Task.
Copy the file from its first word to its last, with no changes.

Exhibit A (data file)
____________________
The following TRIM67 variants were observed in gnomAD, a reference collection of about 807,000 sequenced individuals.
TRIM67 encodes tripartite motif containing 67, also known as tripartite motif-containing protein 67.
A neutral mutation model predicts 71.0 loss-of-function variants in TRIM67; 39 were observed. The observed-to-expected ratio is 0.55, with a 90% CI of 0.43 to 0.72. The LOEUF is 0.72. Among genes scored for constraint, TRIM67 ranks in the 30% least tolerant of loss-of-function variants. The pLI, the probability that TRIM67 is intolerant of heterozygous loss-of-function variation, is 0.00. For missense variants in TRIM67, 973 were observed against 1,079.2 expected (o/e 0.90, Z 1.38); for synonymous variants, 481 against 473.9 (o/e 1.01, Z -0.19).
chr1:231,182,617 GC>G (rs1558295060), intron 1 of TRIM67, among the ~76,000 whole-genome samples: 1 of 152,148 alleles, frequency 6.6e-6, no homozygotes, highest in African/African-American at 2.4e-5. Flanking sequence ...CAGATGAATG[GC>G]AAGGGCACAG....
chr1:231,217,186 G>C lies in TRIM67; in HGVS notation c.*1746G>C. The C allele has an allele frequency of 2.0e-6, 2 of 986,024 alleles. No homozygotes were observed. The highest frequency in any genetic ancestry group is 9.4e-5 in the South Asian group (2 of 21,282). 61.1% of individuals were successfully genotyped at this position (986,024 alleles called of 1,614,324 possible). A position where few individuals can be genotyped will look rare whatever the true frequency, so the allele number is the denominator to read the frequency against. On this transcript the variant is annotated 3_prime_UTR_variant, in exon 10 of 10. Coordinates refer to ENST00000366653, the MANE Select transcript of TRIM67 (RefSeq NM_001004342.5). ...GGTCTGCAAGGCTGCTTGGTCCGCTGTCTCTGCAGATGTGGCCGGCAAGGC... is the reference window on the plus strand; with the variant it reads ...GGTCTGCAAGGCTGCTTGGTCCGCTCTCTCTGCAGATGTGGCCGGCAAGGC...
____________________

The following TRIM67 variants were observed in gnomAD, a reference collection of about 807,000 sequenced individuals.
TRIM67 encodes tripartite motif containing 67, also known as tripartite motif-containing protein 67.
A neutral mutation model predicts 71.0 loss-of-function variants in TRIM67; 39 were observed. The observed-to-expected ratio is 0.55, with a 90% CI of 0.43 to 0.72. The LOEUF is 0.72. Among genes scored for constraint, TRIM67 ranks in the 30% least tolerant of loss-of-function variants. The pLI, the probability that TRIM67 is intolerant of heterozygous loss-of-function variation, is 0.00. For missense variants in TRIM67, 973 were observed against 1,079.2 expected (o/e 0.90, Z 1.38); for synonymous variants, 481 against 473.9 (o/e 1.01, Z -0.19).
chr1:231,182,617 GC>G (rs1558295060), intron 1 of TRIM67, among the ~76,000 whole-genome samples: 1 of 152,148 alleles, frequency 6.6e-6, no homozygotes, highest in African/African-American at 2.4e-5. Flanking sequence ...CAGATGAATG[GC>G]AAGGGCACAG....
chr1:231,217,186 G>C lies in TRIM67; in HGVS notation c.*1746G>C. The C allele has an allele frequency of 2.0e-6, 2 of 986,024 alleles. No homozygotes were observed. The highest frequency in any genetic ancestry group is 9.4e-5 in the South Asian group (2 of 21,282). 61.1% of individuals were successfully genotyped at this position (986,024 alleles called of 1,614,324 possible). A position where few individuals can be genotyped will look rare whatever the true frequency, so the allele number is the denominator to read the frequency against. On this transcript the variant is annotated 3_prime_UTR_variant, in exon 10 of 10. Coordinates refer to ENST00000366653, the MANE Select transcript of TRIM67 (RefSeq NM_001004342.5). ...GGTCTGCAAGGCTGCTTGGTCCGCTGTCTCTGCAGATGTGGCCGGCAAGGC... is the reference window on the plus strand; with the variant it reads ...GGTCTGCAAGGCTGCTTGGTCCGCTCTCTCTGCAGATGTGGCCGGCAAGGC...